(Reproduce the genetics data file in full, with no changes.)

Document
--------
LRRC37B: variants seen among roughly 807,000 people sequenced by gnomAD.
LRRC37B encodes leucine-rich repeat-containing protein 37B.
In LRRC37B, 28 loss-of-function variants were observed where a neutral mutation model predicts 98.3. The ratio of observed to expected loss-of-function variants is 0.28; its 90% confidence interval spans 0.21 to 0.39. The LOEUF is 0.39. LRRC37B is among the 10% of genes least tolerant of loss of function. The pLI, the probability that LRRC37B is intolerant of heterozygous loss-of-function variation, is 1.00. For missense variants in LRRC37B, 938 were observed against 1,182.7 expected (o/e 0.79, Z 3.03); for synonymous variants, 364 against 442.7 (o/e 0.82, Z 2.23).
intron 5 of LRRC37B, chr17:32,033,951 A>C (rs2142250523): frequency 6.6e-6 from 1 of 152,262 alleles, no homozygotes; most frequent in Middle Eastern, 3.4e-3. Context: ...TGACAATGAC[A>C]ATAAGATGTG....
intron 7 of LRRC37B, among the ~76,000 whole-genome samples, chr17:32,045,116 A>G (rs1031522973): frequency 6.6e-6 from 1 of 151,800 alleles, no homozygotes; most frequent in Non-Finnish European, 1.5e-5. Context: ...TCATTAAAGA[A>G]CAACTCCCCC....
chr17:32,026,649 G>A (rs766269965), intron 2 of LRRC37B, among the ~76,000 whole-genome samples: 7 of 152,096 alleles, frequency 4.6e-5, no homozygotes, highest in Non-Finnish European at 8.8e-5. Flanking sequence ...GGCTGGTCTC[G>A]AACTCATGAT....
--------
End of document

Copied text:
LRRC37B: variants seen among roughly 807,000 people sequenced by gnomAD.
LRRC37B encodes leucine-rich repeat-containing protein 37B.
In LRRC37B, 28 loss-of-function variants were observed where a neutral mutation model predicts 98.3. The ratio of observed to expected loss-of-function variants is 0.28; its 90% confidence interval spans 0.21 to 0.39. The LOEUF is 0.39. LRRC37B is among the 10% of genes least tolerant of loss of function. The pLI, the probability that LRRC37B is intolerant of heterozygous loss-of-function variation, is 1.00. For missense variants in LRRC37B, 938 were observed against 1,182.7 expected (o/e 0.79, Z 3.03); for synonymous variants, 364 against 442.7 (o/e 0.82, Z 2.23).
intron 5 of LRRC37B, chr17:32,033,951 A>C (rs2142250523): frequency 6.6e-6 from 1 of 152,262 alleles, no homozygotes; most frequent in Middle Eastern, 3.4e-3. Context: ...TGACAATGAC[A>C]ATAAGATGTG....
intron 7 of LRRC37B, among the ~76,000 whole-genome samples, chr17:32,045,116 A>G (rs1031522973): frequency 6.6e-6 from 1 of 151,800 alleles, no homozygotes; most frequent in Non-Finnish European, 1.5e-5. Context: ...TCATTAAAGA[A>G]CAACTCCCCC....
chr17:32,026,649 G>A (rs766269965), intron 2 of LRRC37B, among the ~76,000 whole-genome samples: 7 of 152,096 alleles, frequency 4.6e-5, no homozygotes, highest in Non-Finnish European at 8.8e-5. Flanking sequence ...GGCTGGTCTC[G>A]AACTCATGAT....